While employers can't mandate how and when remote employees do their jobs, they can at least try to come up with affirmative directives.
"On the one hand, the employer doesn't really have any right, per se, to come into your home and say you have to work in a certain way," said Niki Ingram, shareholder with Philadelphia-based law firm Marshall, Dennehey, Warner, Coleman & Goggin. "On the other hand, they can give you suggestions."
Ingram, the assistant director of Marshall, Dennehey's workers' compensation department, suggests employers provide appropriate equipment for employees who work out of their homes. The more structure, the better, she said.
"If the employer fits you with a chair and a desk, then any back problems are probably less likely to be work-related," Ingram said. Suggest to employees that they keep an area that is separate for the business operations, as well as scheduled working hours.
If an employee does his work for the employer in a designated room in his home during specific hours, injuries that happen outside that time frame or in another location are less likely to be deemed work-related, Ingram said. However, that doesn't mean an injury occurring outside the location or hours is conclusively not work-related.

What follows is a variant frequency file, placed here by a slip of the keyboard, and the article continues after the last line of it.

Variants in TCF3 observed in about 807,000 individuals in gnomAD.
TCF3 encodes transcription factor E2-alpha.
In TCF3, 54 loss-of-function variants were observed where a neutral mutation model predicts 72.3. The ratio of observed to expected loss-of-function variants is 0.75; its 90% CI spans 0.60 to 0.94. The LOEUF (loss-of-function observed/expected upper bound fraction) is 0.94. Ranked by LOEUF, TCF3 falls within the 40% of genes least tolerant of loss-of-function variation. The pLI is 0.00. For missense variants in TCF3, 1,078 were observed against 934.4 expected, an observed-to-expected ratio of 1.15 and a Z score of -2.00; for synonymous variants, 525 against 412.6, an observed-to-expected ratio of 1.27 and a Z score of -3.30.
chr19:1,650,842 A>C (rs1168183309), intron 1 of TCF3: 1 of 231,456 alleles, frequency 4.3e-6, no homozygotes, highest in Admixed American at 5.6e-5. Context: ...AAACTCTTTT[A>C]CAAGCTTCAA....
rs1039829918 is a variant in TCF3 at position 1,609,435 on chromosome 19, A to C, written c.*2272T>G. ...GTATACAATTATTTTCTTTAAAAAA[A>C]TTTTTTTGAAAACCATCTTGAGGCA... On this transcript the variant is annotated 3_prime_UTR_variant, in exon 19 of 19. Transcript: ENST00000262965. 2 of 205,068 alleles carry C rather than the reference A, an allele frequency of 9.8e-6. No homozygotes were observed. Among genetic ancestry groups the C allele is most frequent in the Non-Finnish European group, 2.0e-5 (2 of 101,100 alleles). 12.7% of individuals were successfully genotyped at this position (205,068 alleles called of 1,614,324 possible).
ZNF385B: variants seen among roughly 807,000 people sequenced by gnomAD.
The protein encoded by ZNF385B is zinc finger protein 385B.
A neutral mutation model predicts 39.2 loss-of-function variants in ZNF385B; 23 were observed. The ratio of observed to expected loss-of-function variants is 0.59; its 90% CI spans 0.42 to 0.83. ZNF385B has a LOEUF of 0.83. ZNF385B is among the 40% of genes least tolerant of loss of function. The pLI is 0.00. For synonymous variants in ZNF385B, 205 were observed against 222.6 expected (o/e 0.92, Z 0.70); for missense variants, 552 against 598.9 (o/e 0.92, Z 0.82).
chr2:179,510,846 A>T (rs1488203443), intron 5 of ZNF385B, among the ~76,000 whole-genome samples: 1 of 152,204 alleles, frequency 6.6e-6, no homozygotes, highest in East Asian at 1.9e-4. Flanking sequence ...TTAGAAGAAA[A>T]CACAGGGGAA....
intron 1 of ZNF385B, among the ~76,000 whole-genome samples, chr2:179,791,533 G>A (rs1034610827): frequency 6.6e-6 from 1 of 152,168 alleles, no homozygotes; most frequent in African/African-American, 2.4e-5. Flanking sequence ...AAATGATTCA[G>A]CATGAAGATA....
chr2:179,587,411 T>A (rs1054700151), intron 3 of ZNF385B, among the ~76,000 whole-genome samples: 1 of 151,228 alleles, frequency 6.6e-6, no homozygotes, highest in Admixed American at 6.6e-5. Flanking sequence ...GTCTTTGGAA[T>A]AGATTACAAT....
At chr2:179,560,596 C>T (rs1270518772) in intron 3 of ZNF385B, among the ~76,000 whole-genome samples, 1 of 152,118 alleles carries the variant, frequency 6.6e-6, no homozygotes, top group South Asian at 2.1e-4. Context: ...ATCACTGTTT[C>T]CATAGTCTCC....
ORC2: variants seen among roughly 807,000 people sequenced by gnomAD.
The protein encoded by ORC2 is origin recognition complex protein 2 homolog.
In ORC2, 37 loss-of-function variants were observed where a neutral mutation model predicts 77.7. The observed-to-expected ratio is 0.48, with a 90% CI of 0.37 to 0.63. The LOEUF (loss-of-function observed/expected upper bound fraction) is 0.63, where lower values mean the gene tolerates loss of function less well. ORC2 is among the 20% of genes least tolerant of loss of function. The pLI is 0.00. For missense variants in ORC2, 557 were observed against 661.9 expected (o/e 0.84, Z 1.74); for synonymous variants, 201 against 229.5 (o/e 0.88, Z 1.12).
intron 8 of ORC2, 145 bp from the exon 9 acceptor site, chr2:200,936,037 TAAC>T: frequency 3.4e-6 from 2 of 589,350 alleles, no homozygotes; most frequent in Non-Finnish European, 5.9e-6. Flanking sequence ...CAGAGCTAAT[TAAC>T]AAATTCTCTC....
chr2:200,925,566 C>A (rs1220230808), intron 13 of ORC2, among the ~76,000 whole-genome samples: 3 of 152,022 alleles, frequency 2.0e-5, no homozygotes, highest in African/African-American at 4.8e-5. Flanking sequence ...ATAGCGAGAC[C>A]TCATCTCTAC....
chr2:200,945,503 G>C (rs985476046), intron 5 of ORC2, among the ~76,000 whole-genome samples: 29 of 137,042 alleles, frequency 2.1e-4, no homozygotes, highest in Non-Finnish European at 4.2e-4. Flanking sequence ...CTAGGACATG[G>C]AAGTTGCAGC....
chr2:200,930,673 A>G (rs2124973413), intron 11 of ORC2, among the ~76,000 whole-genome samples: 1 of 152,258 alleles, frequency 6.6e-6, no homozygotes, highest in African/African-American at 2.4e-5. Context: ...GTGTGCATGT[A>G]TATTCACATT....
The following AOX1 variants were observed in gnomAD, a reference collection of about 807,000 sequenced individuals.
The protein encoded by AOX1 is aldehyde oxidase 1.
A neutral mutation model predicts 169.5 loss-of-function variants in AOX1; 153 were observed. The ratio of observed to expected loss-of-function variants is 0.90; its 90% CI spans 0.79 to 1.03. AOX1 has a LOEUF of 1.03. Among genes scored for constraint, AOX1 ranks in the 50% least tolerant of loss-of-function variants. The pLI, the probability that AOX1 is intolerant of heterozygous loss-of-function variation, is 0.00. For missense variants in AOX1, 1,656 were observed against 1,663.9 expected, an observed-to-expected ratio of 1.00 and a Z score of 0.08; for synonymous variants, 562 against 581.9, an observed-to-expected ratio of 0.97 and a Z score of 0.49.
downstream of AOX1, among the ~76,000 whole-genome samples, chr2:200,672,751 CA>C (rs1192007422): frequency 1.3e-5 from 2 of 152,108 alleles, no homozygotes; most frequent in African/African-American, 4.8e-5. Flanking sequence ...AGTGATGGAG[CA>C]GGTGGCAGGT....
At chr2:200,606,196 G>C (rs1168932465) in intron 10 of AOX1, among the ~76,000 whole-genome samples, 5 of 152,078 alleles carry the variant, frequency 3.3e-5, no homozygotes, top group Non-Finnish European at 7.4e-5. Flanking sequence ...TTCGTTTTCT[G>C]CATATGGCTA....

"The gray area is when the employee puts in a load of wash and slips on a cord" while working, Ingram said. "Your investigation needs to be very fact specific in terms of what happened."
When an off-site employee is injured, Ingram suggests getting the answers to these questions:
- Where in the house did the injury occur?
- Where does the person usually work, i.e., in which room?
- What type of work does he do?
- What was the mechanism of injury? If the employee tripped, for example, how and why did it happen. Was he answering a residential phone call or the door bell?
"What's not going to be covered is if the worker does something that is not in furtherance of the employer's work," Ingram said. For example, if a person is doing call center work from his home between the hours of 6 and 9 p.m. has an injury at 2. "It's probably not in furtherance of the employer's business, so it's probably not covered."
Read more at the WorkersComp Forum homepage.
November 18, 2010
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